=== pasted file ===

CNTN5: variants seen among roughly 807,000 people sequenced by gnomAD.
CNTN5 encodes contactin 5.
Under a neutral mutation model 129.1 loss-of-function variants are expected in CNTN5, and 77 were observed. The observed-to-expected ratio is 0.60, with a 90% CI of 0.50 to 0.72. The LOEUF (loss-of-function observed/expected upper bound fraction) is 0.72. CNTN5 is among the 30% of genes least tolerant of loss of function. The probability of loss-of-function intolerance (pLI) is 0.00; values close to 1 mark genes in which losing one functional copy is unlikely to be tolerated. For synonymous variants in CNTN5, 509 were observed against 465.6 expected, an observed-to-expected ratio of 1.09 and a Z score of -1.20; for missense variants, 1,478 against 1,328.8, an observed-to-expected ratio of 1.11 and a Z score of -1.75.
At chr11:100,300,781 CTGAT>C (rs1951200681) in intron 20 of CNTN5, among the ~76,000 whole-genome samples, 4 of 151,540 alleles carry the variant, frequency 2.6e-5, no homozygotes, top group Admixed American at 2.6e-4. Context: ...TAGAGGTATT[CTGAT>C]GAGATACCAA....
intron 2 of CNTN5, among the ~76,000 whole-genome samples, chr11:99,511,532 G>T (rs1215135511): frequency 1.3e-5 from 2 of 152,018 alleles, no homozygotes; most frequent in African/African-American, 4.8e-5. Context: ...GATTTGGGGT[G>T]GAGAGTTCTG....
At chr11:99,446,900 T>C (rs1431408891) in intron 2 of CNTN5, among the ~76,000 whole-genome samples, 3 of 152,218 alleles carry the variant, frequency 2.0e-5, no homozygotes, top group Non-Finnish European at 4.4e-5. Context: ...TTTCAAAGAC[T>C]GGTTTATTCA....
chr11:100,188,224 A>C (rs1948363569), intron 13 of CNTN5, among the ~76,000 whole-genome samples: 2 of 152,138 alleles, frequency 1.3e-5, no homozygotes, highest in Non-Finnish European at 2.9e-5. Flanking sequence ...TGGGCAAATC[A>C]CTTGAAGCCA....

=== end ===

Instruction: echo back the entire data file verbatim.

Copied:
CNTN5: variants seen among roughly 807,000 people sequenced by gnomAD.
CNTN5 encodes contactin 5.
Under a neutral mutation model 129.1 loss-of-function variants are expected in CNTN5, and 77 were observed. The observed-to-expected ratio is 0.60, with a 90% CI of 0.50 to 0.72. The LOEUF (loss-of-function observed/expected upper bound fraction) is 0.72. CNTN5 is among the 30% of genes least tolerant of loss of function. The probability of loss-of-function intolerance (pLI) is 0.00; values close to 1 mark genes in which losing one functional copy is unlikely to be tolerated. For synonymous variants in CNTN5, 509 were observed against 465.6 expected, an observed-to-expected ratio of 1.09 and a Z score of -1.20; for missense variants, 1,478 against 1,328.8, an observed-to-expected ratio of 1.11 and a Z score of -1.75.
At chr11:100,300,781 CTGAT>C (rs1951200681) in intron 20 of CNTN5, among the ~76,000 whole-genome samples, 4 of 151,540 alleles carry the variant, frequency 2.6e-5, no homozygotes, top group Admixed American at 2.6e-4. Context: ...TAGAGGTATT[CTGAT>C]GAGATACCAA....
intron 2 of CNTN5, among the ~76,000 whole-genome samples, chr11:99,511,532 G>T (rs1215135511): frequency 1.3e-5 from 2 of 152,018 alleles, no homozygotes; most frequent in African/African-American, 4.8e-5. Context: ...GATTTGGGGT[G>T]GAGAGTTCTG....
At chr11:99,446,900 T>C (rs1431408891) in intron 2 of CNTN5, among the ~76,000 whole-genome samples, 3 of 152,218 alleles carry the variant, frequency 2.0e-5, no homozygotes, top group Non-Finnish European at 4.4e-5. Context: ...TTTCAAAGAC[T>C]GGTTTATTCA....
chr11:100,188,224 A>C (rs1948363569), intron 13 of CNTN5, among the ~76,000 whole-genome samples: 2 of 152,138 alleles, frequency 1.3e-5, no homozygotes, highest in Non-Finnish European at 2.9e-5. Flanking sequence ...TGGGCAAATC[A>C]CTTGAAGCCA....